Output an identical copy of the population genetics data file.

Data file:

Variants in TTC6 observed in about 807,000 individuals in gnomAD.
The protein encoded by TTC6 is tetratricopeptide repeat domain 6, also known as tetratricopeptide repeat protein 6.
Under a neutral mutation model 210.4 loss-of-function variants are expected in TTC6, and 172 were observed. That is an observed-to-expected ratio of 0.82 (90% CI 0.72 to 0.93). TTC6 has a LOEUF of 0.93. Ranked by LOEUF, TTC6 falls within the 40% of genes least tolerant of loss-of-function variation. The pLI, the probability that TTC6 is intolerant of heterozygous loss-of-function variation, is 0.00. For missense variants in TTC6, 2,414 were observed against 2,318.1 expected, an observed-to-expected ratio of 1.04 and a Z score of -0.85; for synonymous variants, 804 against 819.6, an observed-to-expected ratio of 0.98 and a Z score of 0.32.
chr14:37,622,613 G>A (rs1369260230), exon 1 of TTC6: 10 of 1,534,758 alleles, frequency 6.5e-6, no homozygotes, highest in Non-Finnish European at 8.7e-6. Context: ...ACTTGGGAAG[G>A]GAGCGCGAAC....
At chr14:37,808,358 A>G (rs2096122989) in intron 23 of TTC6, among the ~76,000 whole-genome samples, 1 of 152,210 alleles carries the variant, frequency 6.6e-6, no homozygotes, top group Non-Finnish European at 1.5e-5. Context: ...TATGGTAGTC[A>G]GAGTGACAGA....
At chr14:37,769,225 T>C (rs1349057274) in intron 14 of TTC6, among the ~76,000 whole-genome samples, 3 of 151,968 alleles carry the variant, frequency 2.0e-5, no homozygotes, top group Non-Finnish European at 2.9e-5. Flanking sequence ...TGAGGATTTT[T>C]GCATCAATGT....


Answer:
Variants in TTC6 observed in about 807,000 individuals in gnomAD.
The protein encoded by TTC6 is tetratricopeptide repeat domain 6, also known as tetratricopeptide repeat protein 6.
Under a neutral mutation model 210.4 loss-of-function variants are expected in TTC6, and 172 were observed. That is an observed-to-expected ratio of 0.82 (90% CI 0.72 to 0.93). TTC6 has a LOEUF of 0.93. Ranked by LOEUF, TTC6 falls within the 40% of genes least tolerant of loss-of-function variation. The pLI, the probability that TTC6 is intolerant of heterozygous loss-of-function variation, is 0.00. For missense variants in TTC6, 2,414 were observed against 2,318.1 expected, an observed-to-expected ratio of 1.04 and a Z score of -0.85; for synonymous variants, 804 against 819.6, an observed-to-expected ratio of 0.98 and a Z score of 0.32.
chr14:37,622,613 G>A (rs1369260230), exon 1 of TTC6: 10 of 1,534,758 alleles, frequency 6.5e-6, no homozygotes, highest in Non-Finnish European at 8.7e-6. Context: ...ACTTGGGAAG[G>A]GAGCGCGAAC....
At chr14:37,808,358 A>G (rs2096122989) in intron 23 of TTC6, among the ~76,000 whole-genome samples, 1 of 152,210 alleles carries the variant, frequency 6.6e-6, no homozygotes, top group Non-Finnish European at 1.5e-5. Context: ...TATGGTAGTC[A>G]GAGTGACAGA....
At chr14:37,769,225 T>C (rs1349057274) in intron 14 of TTC6, among the ~76,000 whole-genome samples, 3 of 151,968 alleles carry the variant, frequency 2.0e-5, no homozygotes, top group Non-Finnish European at 2.9e-5. Flanking sequence ...TGAGGATTTT[T>C]GCATCAATGT....